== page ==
Scientists have been studying the planet Jupiter to determine why the atmosphere over the planet’s southern hemisphere contains more water than the atmosphere over the northern hemisphere of planet. The scientists used data collected from the Herschel space observatory to determine that the southern hemisphere of the atmosphere contains more water.
Using the data collected, the scientists have theorized that the source of the increased water in the planet’s upper atmosphere has to be from external regions. Specifically, the scientists believe that the extra water in the upper atmosphere was caused by the impact of the Shoemaker-Levy 9 comet with the surface of the planet back in 1994. Considering that comets are made out of ice and rock, a comet impact would certainly have the potential to release large amounts of water into the upper atmosphere of the planet.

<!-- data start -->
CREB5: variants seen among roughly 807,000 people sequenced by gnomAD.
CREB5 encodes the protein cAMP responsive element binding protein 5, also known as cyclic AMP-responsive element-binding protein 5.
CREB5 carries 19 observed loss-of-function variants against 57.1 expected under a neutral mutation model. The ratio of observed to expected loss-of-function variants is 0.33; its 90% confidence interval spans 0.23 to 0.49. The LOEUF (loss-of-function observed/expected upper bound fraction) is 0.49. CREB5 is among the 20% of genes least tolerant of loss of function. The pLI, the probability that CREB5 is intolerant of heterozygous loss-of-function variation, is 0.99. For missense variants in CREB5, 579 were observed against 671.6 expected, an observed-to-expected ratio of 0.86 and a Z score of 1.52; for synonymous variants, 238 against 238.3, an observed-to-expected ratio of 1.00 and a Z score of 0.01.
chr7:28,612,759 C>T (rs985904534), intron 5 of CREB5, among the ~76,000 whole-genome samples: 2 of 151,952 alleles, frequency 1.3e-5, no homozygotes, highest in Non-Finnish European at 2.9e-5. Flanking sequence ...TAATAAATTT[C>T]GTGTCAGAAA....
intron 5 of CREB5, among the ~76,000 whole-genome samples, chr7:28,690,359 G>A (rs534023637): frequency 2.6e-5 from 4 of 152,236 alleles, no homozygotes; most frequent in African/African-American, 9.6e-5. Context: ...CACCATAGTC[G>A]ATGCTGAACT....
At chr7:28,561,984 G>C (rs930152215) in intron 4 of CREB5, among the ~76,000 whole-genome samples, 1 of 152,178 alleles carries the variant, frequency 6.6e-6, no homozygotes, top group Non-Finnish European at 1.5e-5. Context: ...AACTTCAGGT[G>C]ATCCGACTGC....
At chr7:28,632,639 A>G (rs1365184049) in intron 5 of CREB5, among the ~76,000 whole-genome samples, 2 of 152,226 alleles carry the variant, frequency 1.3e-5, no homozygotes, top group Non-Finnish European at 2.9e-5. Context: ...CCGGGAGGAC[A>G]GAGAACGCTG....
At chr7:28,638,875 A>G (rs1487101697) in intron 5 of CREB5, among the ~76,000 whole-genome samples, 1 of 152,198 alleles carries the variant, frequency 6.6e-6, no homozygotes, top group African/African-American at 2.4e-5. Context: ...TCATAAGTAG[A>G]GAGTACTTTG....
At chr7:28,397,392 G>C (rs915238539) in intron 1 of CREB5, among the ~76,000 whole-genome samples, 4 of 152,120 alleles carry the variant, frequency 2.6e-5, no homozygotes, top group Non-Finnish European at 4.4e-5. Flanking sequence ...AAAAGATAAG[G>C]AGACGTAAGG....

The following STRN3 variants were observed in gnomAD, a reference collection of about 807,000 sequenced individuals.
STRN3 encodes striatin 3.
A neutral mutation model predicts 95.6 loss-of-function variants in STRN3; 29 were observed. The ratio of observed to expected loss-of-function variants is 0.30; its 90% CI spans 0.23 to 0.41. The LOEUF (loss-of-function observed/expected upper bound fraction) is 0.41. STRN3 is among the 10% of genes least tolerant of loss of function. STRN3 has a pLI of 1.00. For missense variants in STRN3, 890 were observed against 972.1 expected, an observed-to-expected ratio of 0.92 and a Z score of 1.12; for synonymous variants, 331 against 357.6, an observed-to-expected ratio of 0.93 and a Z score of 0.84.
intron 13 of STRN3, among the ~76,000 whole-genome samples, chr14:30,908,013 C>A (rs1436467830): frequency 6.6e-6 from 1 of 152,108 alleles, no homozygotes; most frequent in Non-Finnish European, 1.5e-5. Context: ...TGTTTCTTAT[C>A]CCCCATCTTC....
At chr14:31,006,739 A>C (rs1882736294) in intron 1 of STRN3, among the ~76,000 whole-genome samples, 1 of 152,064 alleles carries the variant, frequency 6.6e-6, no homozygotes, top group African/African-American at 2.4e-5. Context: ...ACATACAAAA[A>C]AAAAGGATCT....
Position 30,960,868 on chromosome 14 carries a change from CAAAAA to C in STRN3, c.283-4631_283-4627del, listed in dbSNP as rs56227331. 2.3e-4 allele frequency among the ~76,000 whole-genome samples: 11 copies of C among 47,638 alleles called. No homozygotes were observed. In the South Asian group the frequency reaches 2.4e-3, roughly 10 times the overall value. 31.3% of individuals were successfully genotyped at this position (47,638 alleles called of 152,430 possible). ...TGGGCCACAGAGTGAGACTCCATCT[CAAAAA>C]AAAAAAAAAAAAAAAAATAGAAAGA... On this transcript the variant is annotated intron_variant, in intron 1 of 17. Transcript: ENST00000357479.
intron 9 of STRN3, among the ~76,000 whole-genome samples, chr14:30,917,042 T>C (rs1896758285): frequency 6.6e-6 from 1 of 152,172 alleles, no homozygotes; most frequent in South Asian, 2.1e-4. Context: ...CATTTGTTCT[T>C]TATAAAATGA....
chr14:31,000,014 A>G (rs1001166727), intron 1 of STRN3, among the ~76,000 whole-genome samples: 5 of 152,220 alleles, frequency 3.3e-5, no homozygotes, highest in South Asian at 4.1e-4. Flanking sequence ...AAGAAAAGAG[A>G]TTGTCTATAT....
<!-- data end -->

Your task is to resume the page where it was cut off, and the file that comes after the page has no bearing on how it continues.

Study lead Thibault Cavalie says that the difference in water between the two hemispheres suggests that the extra water in the southern hemisphere was delivered during a single event. That would rule out the water coming from other sources such as icy rings or moons orbiting the planet. Cavalie says that the team’s model indicates that as much as 95% of the water in the stratosphere of Jupiter was put there by the impact of the comet in 1994.
The scientists also point out that it’s not uncommon for other planets in our solar system to have water in their atmospheres. The odd thing about Jupiter was one hemisphere having more water than the other. The water in the atmosphere also wasn’t aligned to the poles of the planet.
Cavalie said, “The asymmetry between the two hemispheres suggests that water was delivered during a single event and rules out icy rings or moons as candidate sources…Local sources would provide a steady supply of water, which over time would lead to a hemispherically symmetric distribution in the stratosphere. Depending on whether the chemical species are transported in neutral or ionized form, local sources of water would result in higher concentrations either at the poles or along the equator, but not in a north-south asymmetry.”